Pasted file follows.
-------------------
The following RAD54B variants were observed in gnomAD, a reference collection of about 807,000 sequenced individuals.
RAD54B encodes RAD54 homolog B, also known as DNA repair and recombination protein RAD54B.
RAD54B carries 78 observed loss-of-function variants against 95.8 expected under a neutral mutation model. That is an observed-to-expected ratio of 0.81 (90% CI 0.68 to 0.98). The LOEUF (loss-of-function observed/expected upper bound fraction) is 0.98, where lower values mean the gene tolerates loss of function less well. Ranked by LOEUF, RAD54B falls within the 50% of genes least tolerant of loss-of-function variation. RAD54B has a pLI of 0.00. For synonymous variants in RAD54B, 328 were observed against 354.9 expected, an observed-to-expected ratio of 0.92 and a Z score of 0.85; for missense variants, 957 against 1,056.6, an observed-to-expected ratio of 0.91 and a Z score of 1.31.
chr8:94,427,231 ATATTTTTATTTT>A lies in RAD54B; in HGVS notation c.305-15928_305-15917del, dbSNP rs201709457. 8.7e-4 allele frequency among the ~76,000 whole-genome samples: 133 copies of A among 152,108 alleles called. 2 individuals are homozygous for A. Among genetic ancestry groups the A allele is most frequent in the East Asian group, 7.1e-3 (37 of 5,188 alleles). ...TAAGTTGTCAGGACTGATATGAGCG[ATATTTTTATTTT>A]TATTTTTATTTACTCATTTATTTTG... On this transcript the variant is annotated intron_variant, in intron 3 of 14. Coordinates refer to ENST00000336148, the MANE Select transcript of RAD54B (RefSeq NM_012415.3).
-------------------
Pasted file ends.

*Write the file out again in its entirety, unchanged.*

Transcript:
The following RAD54B variants were observed in gnomAD, a reference collection of about 807,000 sequenced individuals.
RAD54B encodes RAD54 homolog B, also known as DNA repair and recombination protein RAD54B.
RAD54B carries 78 observed loss-of-function variants against 95.8 expected under a neutral mutation model. That is an observed-to-expected ratio of 0.81 (90% CI 0.68 to 0.98). The LOEUF (loss-of-function observed/expected upper bound fraction) is 0.98, where lower values mean the gene tolerates loss of function less well. Ranked by LOEUF, RAD54B falls within the 50% of genes least tolerant of loss-of-function variation. RAD54B has a pLI of 0.00. For synonymous variants in RAD54B, 328 were observed against 354.9 expected, an observed-to-expected ratio of 0.92 and a Z score of 0.85; for missense variants, 957 against 1,056.6, an observed-to-expected ratio of 0.91 and a Z score of 1.31.
chr8:94,427,231 ATATTTTTATTTT>A lies in RAD54B; in HGVS notation c.305-15928_305-15917del, dbSNP rs201709457. 8.7e-4 allele frequency among the ~76,000 whole-genome samples: 133 copies of A among 152,108 alleles called. 2 individuals are homozygous for A. Among genetic ancestry groups the A allele is most frequent in the East Asian group, 7.1e-3 (37 of 5,188 alleles). ...TAAGTTGTCAGGACTGATATGAGCG[ATATTTTTATTTT>A]TATTTTTATTTACTCATTTATTTTG... On this transcript the variant is annotated intron_variant, in intron 3 of 14. Coordinates refer to ENST00000336148, the MANE Select transcript of RAD54B (RefSeq NM_012415.3).